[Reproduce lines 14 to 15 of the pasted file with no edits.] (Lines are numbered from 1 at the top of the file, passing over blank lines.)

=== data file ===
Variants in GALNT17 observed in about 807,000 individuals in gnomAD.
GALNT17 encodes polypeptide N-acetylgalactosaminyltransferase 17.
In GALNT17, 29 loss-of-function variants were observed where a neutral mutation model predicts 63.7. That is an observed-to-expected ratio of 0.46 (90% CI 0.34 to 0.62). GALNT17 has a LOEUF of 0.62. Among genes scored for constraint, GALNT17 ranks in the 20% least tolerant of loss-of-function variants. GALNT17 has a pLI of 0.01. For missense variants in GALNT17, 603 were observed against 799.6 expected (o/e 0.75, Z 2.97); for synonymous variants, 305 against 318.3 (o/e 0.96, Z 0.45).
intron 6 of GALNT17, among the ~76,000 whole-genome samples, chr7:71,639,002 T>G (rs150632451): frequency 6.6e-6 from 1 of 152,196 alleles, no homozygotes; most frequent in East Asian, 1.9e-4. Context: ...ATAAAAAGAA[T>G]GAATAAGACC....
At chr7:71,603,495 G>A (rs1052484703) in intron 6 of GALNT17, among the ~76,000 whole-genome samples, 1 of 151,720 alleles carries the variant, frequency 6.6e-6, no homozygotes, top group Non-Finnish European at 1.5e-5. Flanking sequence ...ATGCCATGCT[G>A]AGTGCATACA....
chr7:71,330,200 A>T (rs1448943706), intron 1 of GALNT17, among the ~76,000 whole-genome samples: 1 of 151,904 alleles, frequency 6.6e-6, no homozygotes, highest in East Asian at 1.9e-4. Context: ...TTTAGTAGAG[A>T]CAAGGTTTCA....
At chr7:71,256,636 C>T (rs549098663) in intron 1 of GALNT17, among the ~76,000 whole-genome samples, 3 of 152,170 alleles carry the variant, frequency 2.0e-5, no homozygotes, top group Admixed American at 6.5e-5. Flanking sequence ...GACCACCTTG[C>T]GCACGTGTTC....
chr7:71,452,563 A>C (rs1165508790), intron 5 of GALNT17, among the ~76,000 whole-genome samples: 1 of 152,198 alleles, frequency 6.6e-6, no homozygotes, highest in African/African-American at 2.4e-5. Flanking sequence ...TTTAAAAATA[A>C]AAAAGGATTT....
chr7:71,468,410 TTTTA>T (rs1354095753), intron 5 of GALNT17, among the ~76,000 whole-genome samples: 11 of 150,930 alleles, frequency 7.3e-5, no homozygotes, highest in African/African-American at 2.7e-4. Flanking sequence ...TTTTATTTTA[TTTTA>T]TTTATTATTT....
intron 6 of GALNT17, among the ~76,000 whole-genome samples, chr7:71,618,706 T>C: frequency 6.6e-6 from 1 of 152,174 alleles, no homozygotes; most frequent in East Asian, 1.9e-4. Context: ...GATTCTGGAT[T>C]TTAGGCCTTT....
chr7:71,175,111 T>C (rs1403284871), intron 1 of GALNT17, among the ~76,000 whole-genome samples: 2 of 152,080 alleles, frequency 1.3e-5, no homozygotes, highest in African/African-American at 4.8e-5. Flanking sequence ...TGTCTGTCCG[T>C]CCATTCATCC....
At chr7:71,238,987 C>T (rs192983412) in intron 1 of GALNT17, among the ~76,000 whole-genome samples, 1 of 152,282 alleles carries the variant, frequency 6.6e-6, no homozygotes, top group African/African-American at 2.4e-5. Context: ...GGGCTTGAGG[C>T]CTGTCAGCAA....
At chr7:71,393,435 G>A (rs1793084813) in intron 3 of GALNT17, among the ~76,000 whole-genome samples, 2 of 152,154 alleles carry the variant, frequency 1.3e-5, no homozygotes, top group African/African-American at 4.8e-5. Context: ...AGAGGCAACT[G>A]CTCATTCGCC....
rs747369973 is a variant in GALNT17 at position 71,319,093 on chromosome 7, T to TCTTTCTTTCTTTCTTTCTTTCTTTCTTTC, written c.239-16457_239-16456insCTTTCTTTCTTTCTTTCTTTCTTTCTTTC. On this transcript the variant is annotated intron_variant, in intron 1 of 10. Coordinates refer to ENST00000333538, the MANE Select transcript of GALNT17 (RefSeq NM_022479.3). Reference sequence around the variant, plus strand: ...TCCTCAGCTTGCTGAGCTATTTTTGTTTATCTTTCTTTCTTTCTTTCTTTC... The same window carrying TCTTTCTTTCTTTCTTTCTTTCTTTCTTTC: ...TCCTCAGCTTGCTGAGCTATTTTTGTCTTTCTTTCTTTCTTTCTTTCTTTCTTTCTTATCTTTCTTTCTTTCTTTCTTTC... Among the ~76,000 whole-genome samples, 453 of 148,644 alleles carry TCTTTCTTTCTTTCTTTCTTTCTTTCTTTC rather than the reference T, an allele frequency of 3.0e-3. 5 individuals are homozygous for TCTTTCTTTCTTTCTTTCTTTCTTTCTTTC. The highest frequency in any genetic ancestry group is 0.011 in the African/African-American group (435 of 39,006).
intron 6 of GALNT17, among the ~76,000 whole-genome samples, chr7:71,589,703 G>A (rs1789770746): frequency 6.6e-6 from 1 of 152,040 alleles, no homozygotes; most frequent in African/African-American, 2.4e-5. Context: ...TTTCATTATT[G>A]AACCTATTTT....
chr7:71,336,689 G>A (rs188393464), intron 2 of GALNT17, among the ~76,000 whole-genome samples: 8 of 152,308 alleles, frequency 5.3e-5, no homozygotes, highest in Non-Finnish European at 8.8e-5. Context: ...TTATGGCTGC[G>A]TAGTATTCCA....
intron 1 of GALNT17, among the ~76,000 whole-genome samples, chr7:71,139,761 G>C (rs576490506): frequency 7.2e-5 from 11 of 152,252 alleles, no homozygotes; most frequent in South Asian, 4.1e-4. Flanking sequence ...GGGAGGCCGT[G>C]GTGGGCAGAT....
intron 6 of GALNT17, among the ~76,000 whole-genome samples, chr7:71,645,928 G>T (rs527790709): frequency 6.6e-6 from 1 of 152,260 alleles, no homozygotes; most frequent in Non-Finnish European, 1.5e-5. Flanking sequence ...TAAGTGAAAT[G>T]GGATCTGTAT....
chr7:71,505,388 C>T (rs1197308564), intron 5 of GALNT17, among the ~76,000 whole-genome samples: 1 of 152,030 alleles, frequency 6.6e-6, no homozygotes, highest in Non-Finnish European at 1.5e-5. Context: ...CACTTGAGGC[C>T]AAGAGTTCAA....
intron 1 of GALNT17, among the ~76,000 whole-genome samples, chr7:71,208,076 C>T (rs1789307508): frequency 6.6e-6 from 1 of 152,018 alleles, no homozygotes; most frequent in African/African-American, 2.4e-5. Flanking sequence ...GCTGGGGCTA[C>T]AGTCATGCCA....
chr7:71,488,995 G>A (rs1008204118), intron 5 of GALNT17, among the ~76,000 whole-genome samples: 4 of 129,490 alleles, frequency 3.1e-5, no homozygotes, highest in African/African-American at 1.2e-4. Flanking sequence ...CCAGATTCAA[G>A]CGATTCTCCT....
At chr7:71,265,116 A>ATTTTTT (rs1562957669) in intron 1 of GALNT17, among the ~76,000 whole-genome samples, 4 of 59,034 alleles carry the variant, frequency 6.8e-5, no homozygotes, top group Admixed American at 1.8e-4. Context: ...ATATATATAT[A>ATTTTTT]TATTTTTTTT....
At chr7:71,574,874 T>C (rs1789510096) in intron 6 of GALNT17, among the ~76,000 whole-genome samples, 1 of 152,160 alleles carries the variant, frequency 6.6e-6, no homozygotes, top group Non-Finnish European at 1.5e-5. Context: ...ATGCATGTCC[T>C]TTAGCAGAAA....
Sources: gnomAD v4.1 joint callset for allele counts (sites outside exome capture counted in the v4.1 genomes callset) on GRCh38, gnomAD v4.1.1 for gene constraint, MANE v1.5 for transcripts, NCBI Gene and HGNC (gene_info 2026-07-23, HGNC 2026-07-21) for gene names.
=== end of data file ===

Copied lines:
rs747369973 is a variant in GALNT17 at position 71,319,093 on chromosome 7, T to TCTTTCTTTCTTTCTTTCTTTCTTTCTTTC, written c.239-16457_239-16456insCTTTCTTTCTTTCTTTCTTTCTTTCTTTC. On this transcript the variant is annotated intron_variant, in intron 1 of 10. Coordinates refer to ENST00000333538, the MANE Select transcript of GALNT17 (RefSeq NM_022479.3). Reference sequence around the variant, plus strand: ...TCCTCAGCTTGCTGAGCTATTTTTGTTTATCTTTCTTTCTTTCTTTCTTTC... The same window carrying TCTTTCTTTCTTTCTTTCTTTCTTTCTTTC: ...TCCTCAGCTTGCTGAGCTATTTTTGTCTTTCTTTCTTTCTTTCTTTCTTTCTTTCTTATCTTTCTTTCTTTCTTTCTTTC... Among the ~76,000 whole-genome samples, 453 of 148,644 alleles carry TCTTTCTTTCTTTCTTTCTTTCTTTCTTTC rather than the reference T, an allele frequency of 3.0e-3. 5 individuals are homozygous for TCTTTCTTTCTTTCTTTCTTTCTTTCTTTC. The highest frequency in any genetic ancestry group is 0.011 in the African/African-American group (435 of 39,006).
intron 6 of GALNT17, among the ~76,000 whole-genome samples, chr7:71,589,703 G>A (rs1789770746): frequency 6.6e-6 from 1 of 152,040 alleles, no homozygotes; most frequent in African/African-American, 2.4e-5. Context: ...TTTCATTATT[G>A]AACCTATTTT....